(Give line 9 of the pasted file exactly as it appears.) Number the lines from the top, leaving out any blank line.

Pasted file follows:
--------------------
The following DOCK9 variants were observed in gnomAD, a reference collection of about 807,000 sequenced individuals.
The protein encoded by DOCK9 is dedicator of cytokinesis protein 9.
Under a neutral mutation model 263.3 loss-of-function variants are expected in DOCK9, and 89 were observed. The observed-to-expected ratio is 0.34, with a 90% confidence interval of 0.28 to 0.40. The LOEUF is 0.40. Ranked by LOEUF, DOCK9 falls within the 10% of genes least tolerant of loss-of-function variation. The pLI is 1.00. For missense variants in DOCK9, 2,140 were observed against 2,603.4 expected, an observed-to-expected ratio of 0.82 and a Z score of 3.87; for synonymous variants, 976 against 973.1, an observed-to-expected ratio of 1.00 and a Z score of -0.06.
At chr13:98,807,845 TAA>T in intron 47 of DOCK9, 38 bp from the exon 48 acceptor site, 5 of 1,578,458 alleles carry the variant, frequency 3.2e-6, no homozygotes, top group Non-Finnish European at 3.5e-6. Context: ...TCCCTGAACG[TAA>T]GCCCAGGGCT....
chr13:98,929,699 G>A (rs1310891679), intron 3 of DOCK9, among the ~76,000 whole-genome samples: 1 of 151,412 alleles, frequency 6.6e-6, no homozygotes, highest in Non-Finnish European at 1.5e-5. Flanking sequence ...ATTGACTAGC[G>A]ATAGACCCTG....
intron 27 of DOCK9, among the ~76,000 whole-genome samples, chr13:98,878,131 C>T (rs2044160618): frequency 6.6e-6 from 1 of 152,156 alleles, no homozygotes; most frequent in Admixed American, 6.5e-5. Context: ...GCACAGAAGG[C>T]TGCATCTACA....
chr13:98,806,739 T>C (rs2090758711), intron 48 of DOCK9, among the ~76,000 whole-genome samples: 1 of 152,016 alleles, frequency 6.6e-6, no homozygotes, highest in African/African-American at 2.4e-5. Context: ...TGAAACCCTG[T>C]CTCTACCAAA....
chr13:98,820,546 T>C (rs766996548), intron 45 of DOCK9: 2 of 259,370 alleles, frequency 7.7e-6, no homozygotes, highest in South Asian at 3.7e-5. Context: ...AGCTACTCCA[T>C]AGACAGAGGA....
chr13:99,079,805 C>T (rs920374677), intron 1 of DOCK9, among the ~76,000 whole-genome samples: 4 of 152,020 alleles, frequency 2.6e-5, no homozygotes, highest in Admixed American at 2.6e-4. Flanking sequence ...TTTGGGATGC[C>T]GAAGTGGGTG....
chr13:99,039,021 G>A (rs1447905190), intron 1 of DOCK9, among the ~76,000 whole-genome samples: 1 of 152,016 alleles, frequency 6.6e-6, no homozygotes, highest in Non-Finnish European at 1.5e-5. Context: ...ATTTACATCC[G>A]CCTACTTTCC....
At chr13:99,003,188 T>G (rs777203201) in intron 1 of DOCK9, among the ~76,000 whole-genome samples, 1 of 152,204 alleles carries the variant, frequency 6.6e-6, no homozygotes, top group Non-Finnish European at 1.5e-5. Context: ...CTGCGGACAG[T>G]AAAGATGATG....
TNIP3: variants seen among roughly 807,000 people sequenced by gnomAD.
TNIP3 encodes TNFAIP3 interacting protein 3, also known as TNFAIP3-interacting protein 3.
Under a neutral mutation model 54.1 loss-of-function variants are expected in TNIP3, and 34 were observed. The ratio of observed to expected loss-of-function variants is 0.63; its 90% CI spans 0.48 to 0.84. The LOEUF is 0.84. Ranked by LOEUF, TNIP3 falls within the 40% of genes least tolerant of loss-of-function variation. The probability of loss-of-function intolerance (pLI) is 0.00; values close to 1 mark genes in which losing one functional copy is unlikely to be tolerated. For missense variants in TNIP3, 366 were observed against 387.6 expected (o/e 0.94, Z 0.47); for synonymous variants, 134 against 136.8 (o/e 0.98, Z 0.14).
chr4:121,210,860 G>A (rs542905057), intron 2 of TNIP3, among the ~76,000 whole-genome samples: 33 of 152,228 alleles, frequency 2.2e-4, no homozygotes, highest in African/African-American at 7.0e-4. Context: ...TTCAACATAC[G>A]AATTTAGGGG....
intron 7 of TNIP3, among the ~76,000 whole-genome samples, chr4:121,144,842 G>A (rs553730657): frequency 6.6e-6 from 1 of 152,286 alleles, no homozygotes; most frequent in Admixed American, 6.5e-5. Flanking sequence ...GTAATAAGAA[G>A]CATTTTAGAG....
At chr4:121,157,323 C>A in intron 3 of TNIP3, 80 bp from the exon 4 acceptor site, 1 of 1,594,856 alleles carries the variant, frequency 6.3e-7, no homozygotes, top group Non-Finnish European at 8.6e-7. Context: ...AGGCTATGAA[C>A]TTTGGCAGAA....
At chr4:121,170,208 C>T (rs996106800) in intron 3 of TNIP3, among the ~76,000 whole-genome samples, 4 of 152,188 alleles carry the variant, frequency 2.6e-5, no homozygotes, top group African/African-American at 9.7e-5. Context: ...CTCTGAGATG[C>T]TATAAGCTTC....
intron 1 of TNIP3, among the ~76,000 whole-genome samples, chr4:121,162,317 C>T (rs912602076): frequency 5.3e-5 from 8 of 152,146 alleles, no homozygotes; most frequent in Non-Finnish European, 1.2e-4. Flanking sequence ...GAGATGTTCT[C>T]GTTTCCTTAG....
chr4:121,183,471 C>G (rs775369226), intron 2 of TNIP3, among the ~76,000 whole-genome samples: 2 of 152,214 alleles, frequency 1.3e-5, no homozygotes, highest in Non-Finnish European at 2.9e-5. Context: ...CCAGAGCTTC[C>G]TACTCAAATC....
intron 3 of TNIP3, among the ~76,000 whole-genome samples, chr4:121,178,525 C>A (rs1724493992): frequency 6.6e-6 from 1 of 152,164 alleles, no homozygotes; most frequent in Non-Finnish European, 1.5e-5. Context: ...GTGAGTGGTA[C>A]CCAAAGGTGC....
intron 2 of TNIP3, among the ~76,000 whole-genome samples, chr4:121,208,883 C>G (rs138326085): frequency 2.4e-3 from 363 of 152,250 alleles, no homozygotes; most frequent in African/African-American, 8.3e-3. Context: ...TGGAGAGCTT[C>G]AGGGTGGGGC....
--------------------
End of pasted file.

chr13:99,079,805 C>T (rs920374677), intron 1 of DOCK9, among the ~76,000 whole-genome samples: 4 of 152,020 alleles, frequency 2.6e-5, no homozygotes, highest in Admixed American at 2.6e-4. Flanking sequence ...TTTGGGATGC[C>T]GAAGTGGGTG....